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Old 10-01-2009, 03:59 AM   #1
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Default Fermenting in a 55 gallon food grade plastic drum

I picked up a 55 gallon food drum - $15.00. It has a slight odor of like ceasar salad dressing.

If I can clear the odor, has anyone used one of these for fermenting? I think it's ploypropelene like a milk jug.

I plan on rigging a burp valve into the top. One of the guys at work suggested using vodka to act as a seal in the valve - it' naturally sterile, and if any gets abck into the beer.... Well it would be a tad stronger.

Thanks,
Bill

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Old 10-01-2009, 06:27 AM   #2
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A few thoughts occur:

1) DUDE! Fifteen bucks?! Score!

2) You can clear the odor with a decent-strength soak of hot water and oxiclean.

3) It'll work just fine. I'm sure if it was used for food then there are no chemicals that could leak. Just to be sure check to see what number is on the bottom. I think "2" is HDPE, good stuff. I found some buckets previously used for feta cheese that are HDPE and they work spectacularly.

4) Yeah, vodka works well as an airlock liquid. I used to use an iodophor solution but over time it would become increasingly paler and I'm a worry-wort

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Old 10-01-2009, 11:19 PM   #3
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It works like a dream!! I brewed 25 Gallons of my Belgian Dubbel and fermented in one of the 55 gallon plastic malt barrels you see at the HBS. Got mine for $30 from my HBS. I put a drain valve just above the rolled edge on the bottom and could drain fermented beer off the yeast cake no problem!!! Just careful when you go to look in to the barrel during fermentaion, that amound of CO2 will suck the air out of your lungs!!

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Old 10-02-2009, 02:17 PM   #4
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It works like a dream!! I brewed 25 Gallons of my Belgian Dubbel and fermented in one of the 55 gallon plastic malt barrels you see at the HBS. Got mine for $30 from my HBS. I put a drain valve just above the rolled edge on the bottom and could drain fermented beer off the yeast cake no problem!!! Just careful when you go to look in to the barrel during fermentaion, that amound of CO2 will suck the air out of your lungs!!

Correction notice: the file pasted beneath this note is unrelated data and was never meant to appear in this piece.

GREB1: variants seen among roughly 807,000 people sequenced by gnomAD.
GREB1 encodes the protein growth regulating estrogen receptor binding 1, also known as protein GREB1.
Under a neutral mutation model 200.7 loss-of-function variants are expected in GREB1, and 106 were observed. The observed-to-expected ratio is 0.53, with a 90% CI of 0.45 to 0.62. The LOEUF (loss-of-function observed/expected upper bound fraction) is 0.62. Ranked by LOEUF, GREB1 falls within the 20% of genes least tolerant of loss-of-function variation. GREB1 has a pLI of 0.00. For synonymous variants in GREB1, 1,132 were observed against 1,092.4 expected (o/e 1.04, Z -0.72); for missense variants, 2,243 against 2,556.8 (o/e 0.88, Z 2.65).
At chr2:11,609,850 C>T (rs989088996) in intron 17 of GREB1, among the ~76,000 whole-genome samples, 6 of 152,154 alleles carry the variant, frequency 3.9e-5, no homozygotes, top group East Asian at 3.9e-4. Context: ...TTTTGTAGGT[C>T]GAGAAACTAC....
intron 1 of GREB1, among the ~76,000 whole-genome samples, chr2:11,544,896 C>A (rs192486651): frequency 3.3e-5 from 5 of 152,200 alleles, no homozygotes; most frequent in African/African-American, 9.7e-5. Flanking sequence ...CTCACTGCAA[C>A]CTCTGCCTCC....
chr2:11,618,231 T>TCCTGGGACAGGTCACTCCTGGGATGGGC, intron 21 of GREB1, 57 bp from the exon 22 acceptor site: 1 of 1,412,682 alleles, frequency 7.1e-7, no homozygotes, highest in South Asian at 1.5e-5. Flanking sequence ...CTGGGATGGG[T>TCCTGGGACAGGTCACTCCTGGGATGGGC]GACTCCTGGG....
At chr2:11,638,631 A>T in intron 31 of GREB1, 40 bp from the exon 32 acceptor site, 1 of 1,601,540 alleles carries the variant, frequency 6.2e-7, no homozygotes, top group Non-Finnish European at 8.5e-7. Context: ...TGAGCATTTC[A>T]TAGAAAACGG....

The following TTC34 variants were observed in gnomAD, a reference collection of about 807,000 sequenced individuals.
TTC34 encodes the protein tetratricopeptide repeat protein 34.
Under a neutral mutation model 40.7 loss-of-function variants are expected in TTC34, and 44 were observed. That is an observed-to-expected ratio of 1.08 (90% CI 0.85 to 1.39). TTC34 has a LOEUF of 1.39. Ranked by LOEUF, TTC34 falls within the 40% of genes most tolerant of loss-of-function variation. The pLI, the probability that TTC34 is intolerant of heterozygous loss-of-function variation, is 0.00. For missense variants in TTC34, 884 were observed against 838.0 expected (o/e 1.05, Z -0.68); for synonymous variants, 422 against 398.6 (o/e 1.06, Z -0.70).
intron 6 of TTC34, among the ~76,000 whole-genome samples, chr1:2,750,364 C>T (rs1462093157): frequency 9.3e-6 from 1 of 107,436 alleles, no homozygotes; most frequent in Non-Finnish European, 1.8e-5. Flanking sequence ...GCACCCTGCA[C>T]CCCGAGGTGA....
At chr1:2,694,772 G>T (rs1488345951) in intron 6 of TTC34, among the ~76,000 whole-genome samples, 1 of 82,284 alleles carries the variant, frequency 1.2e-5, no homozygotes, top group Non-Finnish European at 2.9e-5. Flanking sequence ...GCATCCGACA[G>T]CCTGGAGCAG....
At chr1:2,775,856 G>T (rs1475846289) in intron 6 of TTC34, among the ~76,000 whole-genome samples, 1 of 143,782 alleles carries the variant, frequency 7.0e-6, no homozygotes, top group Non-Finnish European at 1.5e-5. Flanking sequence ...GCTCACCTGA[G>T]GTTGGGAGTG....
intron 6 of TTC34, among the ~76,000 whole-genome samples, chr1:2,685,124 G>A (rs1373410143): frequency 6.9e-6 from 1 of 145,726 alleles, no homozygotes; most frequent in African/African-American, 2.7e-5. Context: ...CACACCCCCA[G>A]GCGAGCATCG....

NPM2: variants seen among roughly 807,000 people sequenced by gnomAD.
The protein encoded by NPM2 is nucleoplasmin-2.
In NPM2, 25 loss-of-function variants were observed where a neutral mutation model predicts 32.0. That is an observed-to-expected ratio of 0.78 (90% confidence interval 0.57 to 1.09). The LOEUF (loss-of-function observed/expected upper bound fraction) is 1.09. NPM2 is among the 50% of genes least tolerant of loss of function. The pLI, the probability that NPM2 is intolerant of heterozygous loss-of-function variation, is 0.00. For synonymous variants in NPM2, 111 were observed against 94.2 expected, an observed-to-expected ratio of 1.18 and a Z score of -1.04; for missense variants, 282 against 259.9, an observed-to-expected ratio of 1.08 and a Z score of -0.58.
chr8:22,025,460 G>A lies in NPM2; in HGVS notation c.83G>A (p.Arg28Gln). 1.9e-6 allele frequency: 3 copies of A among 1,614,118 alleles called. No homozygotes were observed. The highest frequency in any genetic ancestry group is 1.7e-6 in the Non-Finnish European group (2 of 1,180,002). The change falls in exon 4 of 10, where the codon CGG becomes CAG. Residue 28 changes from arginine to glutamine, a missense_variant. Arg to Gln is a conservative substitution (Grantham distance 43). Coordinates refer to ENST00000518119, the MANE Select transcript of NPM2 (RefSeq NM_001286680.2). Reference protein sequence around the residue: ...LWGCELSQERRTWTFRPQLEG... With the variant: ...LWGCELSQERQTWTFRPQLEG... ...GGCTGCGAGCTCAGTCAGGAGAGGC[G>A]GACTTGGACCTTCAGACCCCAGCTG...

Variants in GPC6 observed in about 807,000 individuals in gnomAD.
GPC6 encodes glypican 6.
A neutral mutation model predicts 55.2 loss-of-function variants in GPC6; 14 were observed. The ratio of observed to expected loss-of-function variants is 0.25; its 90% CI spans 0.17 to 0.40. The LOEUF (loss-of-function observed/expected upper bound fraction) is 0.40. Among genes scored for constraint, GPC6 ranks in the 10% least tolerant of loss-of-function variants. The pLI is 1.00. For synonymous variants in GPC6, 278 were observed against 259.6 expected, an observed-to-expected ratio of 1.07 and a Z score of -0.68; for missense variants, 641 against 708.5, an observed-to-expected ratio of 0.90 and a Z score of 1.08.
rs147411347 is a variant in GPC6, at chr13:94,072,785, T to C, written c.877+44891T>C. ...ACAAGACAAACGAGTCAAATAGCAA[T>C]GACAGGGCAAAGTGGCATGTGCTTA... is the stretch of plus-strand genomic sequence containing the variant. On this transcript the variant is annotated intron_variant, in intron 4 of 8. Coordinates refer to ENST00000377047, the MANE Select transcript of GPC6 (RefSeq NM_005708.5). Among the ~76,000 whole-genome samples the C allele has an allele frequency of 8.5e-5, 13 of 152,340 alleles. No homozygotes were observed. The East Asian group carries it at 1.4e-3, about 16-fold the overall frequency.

i have a couple of these but have not fermented in them yet. I was curious to know how you were cleaning them?
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Doesn't blowing on it when its soft cause it to get hard? It's been a while, but I think that's how it used to work...

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Old 10-02-2009, 02:43 PM   #5
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I've never like any of my beers enough to want 40 gallons of it.

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Old 10-02-2009, 03:46 PM   #6
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I've never like any of my beers enough to want 40 gallons of it.
I HIGHLY doubt that!

I suck at brewing and I have never have enough.
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Doesn't blowing on it when its soft cause it to get hard? It's been a while, but I think that's how it used to work...

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Old 10-02-2009, 04:19 PM   #7
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We have brewed several pilot batches with a local brewery here using food grade 55 gallon drums. Works like a champ. We fill to the 45 gallon line, sometimes a bit lower if we have a yeast that likes to go gangbusters and rarely if ever have blowoffs.

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Old 10-02-2009, 05:06 PM   #8
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I HIGHLY doubt that!

I suck at brewing and I have never have enough.
No seriously. No matter how good I think a beer is when I start drinking it, I'm tired of it by the end of the 5 gallons. Even when I do 10 gallon batches, I seldom tap the second keg immediately following the first one.

There are way too many BJCP categories I haven't even approached and variety is the spice of life (along with hops).
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Old 10-02-2009, 07:53 PM   #9
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Quote:
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i have a couple of these but have not fermented in them yet. I was curious to know how you were cleaning them?
I filled them with hot water and oxyclean for a day or so and then gave it an iodaphor soak followed by a rinse and then fermenting wort.
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Old 10-02-2009, 09:58 PM   #10
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I used barrels from a fish industry and used normal 'dish soap' and water to clean them.
No fishy smell or taste.
So some ceasar salad dressing should be a walk in the park.

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